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Hodgson 777 shooters - advice please
Hi Guys,

I finally had a chance to shoot my Pietta 1858 at the weekend. As I don't have an explosives licence yet I am currently using 777.

I went with a load of 20 grains (by weight) and have to say that I was unimpressed with the results on paper. Now I fully appreciate it could be down to me as a newbie, although I have previously shot the clubs pistol with far better results.

In trying to work out if it's me, the gun or the load I thought I would ask what 777 loads other people are using in their 1858's? I'm getting a good fit with the ball (nice ring left after seating) and using 1075 caps which seem to fit the best.

Any and all advice appreciated. Smile

An 1858 New Model Army .44?  30 grains of Triple 7 works fine for me, but I've never experimented.
See my replies in another place.
Quote:An 1858 New Model Army .44?  30 grains of Triple 7 works fine for me, but I've never experimented.

Thanks for this. Out of interest, is that by weight or volume? I still don't fully understand the volume thing as all my centerfire reloading is done by weight.
By volume. Just what the "30-grain"  spout on my flask delivers, in other words.
I doubt if it's exactly 30 grains at all. The thing is, as long as it's sufficiently consistent it doesn't  matter for our purposes.
If you were going for super-accuracy and super-consistency I guess you'd be weighing it out into plastic vials. But is a repro revolver capable of delivering such super-accuracy? In other words, would a grain or two variation make any difference in these conditions? I don't know.
The recommended load from Hodgson is 20 grains with a maximum of 25 grains.

Are you using a wad or filler on top of the powder, under the ball?
What lubricant are you using on top of the ball?
I use a greased wad between powder and ball. I put a little grease over the ball: my own, which is 96% Trex 4% beeswax.
The purpose of the grease is to guard against chainfire; or rather, since the wad should serve that function, to reassure fellow shooters that I have taken precautions. I find it hard to believe that this grease lubricates anything significantly.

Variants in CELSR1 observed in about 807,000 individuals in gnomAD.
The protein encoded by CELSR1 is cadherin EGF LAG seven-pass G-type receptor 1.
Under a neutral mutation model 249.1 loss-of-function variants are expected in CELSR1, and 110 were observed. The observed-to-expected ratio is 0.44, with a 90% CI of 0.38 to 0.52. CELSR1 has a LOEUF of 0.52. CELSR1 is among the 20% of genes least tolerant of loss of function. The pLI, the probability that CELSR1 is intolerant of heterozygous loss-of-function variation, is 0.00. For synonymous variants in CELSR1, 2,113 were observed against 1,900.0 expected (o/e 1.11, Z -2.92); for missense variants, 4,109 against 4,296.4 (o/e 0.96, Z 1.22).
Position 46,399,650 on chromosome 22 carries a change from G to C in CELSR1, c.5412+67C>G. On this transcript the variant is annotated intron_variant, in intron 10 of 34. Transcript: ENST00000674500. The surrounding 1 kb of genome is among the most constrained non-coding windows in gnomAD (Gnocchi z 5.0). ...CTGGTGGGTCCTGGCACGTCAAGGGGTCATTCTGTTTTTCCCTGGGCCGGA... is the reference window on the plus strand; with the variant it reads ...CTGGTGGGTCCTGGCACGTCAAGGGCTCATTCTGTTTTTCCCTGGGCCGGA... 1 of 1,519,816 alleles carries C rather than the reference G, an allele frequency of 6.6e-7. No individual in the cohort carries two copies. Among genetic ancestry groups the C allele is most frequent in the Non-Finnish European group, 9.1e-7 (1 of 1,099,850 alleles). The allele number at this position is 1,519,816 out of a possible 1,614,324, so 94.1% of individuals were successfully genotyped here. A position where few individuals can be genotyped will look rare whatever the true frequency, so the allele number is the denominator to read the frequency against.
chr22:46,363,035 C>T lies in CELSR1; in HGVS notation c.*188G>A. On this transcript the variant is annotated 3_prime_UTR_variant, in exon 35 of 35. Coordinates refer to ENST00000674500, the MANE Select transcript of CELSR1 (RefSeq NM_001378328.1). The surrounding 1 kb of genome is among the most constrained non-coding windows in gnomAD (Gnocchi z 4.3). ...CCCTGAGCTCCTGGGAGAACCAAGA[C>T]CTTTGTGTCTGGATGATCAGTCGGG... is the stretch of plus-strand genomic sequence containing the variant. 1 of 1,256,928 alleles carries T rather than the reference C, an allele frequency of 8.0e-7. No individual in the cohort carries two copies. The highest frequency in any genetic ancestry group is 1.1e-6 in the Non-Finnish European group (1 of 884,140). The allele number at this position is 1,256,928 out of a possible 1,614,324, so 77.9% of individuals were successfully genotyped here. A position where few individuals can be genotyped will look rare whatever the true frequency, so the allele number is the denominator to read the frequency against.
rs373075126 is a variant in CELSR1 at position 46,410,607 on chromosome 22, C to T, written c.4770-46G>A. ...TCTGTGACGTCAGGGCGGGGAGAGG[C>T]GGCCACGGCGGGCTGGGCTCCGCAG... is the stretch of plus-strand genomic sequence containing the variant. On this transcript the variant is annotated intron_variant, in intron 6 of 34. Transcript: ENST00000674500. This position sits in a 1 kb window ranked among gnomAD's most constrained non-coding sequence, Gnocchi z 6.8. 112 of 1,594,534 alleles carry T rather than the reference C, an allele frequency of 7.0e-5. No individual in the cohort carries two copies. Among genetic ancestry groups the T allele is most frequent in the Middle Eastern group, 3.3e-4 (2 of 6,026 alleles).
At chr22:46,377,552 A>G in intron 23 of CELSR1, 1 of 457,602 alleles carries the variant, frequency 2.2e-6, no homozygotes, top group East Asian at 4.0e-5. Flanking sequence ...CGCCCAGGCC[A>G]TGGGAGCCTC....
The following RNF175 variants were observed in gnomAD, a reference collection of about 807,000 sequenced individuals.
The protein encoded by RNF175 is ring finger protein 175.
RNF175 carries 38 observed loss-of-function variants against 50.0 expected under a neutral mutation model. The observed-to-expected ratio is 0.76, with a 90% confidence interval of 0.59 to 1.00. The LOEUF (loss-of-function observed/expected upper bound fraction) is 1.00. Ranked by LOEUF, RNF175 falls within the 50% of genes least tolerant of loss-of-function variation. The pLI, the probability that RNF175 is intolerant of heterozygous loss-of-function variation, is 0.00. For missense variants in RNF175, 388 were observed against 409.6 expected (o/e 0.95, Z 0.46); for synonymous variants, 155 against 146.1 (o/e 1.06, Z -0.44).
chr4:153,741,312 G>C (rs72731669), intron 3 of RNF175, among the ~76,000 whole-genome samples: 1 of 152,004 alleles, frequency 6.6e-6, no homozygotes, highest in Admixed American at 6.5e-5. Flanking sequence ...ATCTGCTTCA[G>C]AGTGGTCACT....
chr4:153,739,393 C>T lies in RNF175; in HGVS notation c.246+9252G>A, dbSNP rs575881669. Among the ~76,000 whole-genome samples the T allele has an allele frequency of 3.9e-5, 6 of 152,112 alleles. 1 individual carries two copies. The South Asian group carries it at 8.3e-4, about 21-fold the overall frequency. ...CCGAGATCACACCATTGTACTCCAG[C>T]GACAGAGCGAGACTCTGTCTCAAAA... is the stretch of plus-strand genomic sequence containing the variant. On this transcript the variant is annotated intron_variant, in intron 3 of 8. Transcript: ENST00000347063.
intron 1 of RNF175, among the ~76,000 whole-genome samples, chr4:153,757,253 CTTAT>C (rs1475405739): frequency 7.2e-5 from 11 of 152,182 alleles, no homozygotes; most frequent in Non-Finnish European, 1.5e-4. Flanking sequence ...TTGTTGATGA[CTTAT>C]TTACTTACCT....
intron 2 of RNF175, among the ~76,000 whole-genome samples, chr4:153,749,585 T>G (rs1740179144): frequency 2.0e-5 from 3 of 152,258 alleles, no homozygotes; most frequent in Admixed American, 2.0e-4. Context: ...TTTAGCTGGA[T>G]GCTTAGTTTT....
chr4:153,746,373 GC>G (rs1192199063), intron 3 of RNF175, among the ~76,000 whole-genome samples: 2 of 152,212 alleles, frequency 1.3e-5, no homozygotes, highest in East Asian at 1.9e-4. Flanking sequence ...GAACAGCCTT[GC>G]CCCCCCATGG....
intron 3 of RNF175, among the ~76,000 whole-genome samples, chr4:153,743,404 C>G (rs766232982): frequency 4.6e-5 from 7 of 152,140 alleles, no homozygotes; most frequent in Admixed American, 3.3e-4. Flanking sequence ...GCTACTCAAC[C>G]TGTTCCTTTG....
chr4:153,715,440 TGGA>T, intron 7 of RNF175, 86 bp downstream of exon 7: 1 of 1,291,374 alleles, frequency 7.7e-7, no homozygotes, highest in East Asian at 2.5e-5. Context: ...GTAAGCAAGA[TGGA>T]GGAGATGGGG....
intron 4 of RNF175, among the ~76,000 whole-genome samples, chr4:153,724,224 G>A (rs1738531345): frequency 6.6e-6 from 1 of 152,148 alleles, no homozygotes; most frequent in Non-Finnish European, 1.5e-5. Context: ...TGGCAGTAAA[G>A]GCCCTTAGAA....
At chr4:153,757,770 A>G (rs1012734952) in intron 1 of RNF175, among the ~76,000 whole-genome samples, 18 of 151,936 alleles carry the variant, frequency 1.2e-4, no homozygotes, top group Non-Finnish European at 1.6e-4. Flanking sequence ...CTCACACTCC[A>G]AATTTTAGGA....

Looking at the Hodgson site, they say that the loads should be measured by volume not weight. Difficult to get to grips with, but 777 has far more energy ( at least 25%) than black powder.
As a reasonable load for a 45 is 16 to 20 grains Swiss no 2, 20 grains of 777 by weight sounds like too much.
If the greased wad you are using is one of the ox- yoke thin ones, you should consider switching to dry semolina or one of the much deeper ones, to move the ball clear to the top of the cylinder.
The lubricant is critical, it needs not only to prevent a chai fire but to lubricant the ball and remove the fouling from the barrel after each shot.
Does the lubricant you use stay in the cylinder after the first shot?
Triple 7 does yield more energy, though the figure I was given was "for a given load of black powder use about 85% in Triple 7" which I would say means it gives about 18% greater pressure.
The only reason why one should measure loads by volume not weight (which, when you think about it, is a bit funny, in that the supposed volume measure is expressed in grains, when the grain is a unit of weight!) is so that you, and everyone you talk to, is using the same measure, thus enabling comparisons and consistency. I.e., always use weight, or always use volume.
I use a Wonder-wad usually and the ball comes fairly close to the top of the chamber. I'm happy with that for my 44, but as I say I've never done any serious experimenting or "load development". Perhaps I should. (By contrast to my 36, for which I have done quite a lot, and in which I have settled for a particular measure of powder and a wad and polenta filler).
I'm ready to stand corrected but I find it quite hard to believe that a bit of grease on top of the ball does anything but get splattered around; I really don't see how it can be relied upon to lubricate the ball and/or remove the fouling. Has it been demonstrated that either of these things actually happen?
I don't quite see what you mean about the lubricant staying in the cylinder. Do you mean in the actual chamber? How can it do that?

P.S. Don't get me wrong, I'm not arrogant and I'm happy to learn from others more expert. I can't help challenging  and arguing though, it's how I am  Smile
18 or 25%, not worth arguing about. My point was that 20 grain by weight is probably too much powder.

As a fully paid up member of the Royal Society of Chemistry, I agree with you that the use use of grains as a volume seems a little strange, but it is what Hodgson advise and until you have determined the density of 777, it should be followed.
Each of us is entitled to their opinion, but if you do a literature search, you will find lots of supporting evidence that the lubricant serves the purpose I have outlined.

To clarify, you need a lubricant that stays over the ball in the 6th chamber after the previous 5 shots have been fired.

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